As part of the free legal assistance we provide to students, Veterans Education Success receives complaints from students using veterans’ benefits, such as the GI Bill, to attend colleges and universities around the country.  

We received 450 veteran and servicemember complaints about University of Phoenix.  We analyzed those complaints for trends, and found:

University of Phoenix

Of the 450 complaints:

  • 29% complained that University of Phoenix credits did not transfer after being promised they would.
  • 28% complained about the lack of job opportunities after being promised by University of Phoenix recruiters they would have those opportunities, many times after being promised specific jobs such as a “Registered Nurse” or “Licensed Social Worker.”
  • Nearly 28% complained about financial issues, especially the tuition being higher than they were promised.
  • Almost 22% complained about the quality of education.
  • 15% complained about recruiting practices.
  • 10% complained about student loans they didn’t expect.

Some of these complaints include:

  • “I was continually misled during my enrollment at UOP by both the enrollment team and the teachers. I feel that UOP is a sham of a school and an embarrassment to universities.” R.R.
  • “I attended the University of Phoenix for 8 years, having to change my program and take additional classes because the program changed, etc. I have had to pay multiple times for transcripts and have even had them held hostage when I threatened to attend another university. The promise of job opportunities upon completion are laughable at best as most consider the quality of education to be lacking.” H.L.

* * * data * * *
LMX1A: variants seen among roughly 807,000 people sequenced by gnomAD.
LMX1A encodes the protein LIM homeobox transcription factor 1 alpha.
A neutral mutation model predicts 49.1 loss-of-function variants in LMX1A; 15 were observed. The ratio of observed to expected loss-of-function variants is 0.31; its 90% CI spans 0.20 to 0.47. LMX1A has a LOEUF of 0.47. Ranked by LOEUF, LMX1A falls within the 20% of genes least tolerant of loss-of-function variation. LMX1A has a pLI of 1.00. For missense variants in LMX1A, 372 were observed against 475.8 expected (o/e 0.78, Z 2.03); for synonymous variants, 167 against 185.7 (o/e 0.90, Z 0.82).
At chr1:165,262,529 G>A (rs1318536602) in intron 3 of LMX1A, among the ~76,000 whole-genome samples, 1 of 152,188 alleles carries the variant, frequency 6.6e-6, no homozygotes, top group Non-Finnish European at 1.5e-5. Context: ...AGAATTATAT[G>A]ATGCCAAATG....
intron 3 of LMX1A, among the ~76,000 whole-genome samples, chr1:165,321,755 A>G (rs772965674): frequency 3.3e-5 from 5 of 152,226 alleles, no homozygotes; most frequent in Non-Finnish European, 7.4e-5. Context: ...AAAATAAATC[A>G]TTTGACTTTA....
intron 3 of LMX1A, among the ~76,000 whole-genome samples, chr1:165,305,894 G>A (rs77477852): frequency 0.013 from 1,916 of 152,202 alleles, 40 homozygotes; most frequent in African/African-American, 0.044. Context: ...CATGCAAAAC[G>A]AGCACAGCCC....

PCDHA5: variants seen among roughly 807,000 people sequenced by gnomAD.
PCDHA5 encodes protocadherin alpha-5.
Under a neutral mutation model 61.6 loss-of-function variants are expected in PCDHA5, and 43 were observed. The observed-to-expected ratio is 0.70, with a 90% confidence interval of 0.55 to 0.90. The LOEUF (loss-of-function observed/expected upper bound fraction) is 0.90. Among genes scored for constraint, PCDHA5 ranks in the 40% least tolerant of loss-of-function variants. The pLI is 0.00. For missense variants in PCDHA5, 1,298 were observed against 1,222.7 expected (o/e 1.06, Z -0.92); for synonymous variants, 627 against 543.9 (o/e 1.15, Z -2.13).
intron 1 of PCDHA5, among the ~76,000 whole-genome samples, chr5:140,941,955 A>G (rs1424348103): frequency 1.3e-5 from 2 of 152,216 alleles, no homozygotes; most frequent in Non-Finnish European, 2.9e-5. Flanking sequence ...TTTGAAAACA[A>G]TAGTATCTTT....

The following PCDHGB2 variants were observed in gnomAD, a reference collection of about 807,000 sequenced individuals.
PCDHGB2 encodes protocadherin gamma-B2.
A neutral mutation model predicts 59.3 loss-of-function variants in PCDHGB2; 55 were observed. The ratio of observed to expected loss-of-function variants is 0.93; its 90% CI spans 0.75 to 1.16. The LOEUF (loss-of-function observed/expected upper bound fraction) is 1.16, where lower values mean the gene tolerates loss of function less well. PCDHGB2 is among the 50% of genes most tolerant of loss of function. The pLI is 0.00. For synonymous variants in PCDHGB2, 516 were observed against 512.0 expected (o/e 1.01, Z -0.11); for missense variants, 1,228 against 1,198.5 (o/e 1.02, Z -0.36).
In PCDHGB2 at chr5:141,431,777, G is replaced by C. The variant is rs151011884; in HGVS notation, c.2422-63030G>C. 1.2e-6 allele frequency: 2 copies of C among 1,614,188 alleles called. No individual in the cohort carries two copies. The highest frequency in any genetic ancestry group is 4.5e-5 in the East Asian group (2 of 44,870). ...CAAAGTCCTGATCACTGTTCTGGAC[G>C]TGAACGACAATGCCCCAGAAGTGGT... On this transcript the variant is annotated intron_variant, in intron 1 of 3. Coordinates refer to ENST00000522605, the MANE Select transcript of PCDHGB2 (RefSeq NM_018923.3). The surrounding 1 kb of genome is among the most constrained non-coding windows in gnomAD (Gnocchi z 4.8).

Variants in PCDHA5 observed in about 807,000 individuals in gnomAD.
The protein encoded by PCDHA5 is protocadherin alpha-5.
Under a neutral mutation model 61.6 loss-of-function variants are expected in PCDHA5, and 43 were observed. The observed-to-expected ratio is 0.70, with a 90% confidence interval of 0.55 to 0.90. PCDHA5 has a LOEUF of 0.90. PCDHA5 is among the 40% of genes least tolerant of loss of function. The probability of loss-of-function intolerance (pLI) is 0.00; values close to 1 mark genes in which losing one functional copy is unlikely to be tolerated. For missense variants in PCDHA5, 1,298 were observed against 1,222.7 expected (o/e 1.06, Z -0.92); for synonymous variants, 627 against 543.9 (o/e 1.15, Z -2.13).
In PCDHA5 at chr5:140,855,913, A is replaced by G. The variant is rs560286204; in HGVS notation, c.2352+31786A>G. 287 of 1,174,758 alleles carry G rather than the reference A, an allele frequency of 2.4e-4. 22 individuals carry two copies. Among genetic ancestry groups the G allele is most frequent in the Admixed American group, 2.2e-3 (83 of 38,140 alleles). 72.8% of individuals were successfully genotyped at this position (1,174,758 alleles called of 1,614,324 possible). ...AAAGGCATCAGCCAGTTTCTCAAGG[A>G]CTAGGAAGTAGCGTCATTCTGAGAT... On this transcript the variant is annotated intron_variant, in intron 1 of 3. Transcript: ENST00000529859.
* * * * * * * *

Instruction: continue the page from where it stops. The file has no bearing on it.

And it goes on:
• “I was told by University of Phoenix that they had all the accreditation that all the big schools had. I am now being told that a lot of places do not accept University of Phoenix. I am 39 years old and don’t have time or money to go back to another school. I also am over $30,000 in the hole. The quality of classes is very subpar. Most classes you don’t even take tests. You don’t really learn anything useful.” M.B.
  • “They kept taking money from me, but when it was time to get my degree, all of a sudden I owed them more money.  They would not release my transcripts unless I paid them said money but they never explained why I owed it to them. I wasted so much time.” J.S.
  • “I was not given the chance to fully read the contract. I was led through it and told where to sign. Little did I know he wasn’t explaining everything and obviously did not have my best intentions in mind. I was also misled to believe that the school’s credits were easily transferable, how the learning process worked there, quality of faculty, and how the BAH worked. I looked into transferring a couple times throughout my college career and could not transfer many, if any credits. So I was basically forced to at least finish where I was for fear of having to retake classes and have my GI Bill benefits run out before getting a degree.  Many, not all, but many of the teachers either did not care about teaching, or couldn’t. Due to this, in many cases, I had to teach a subject to myself in order to pass a class. I even filed a serious complaint about one particular teacher, but as far as I know that teacher is still employed there with no action taken against him. As for the BAH I was under the impression that I would be making just under 2200 per month. I was not told that the week in between classes was not paid even though that is technically the first week of class, with homework due at the beginning of the class. Even after I finally was told that I could double up on class to make up for the lost week, I still don’t think I was paid that much.” K.S.

Also, in 2017, Yale Law School summarized the trends in the student complaints we had received about University of Phoenix in a report available here: 


Download the PDF here:

Phoenix complaints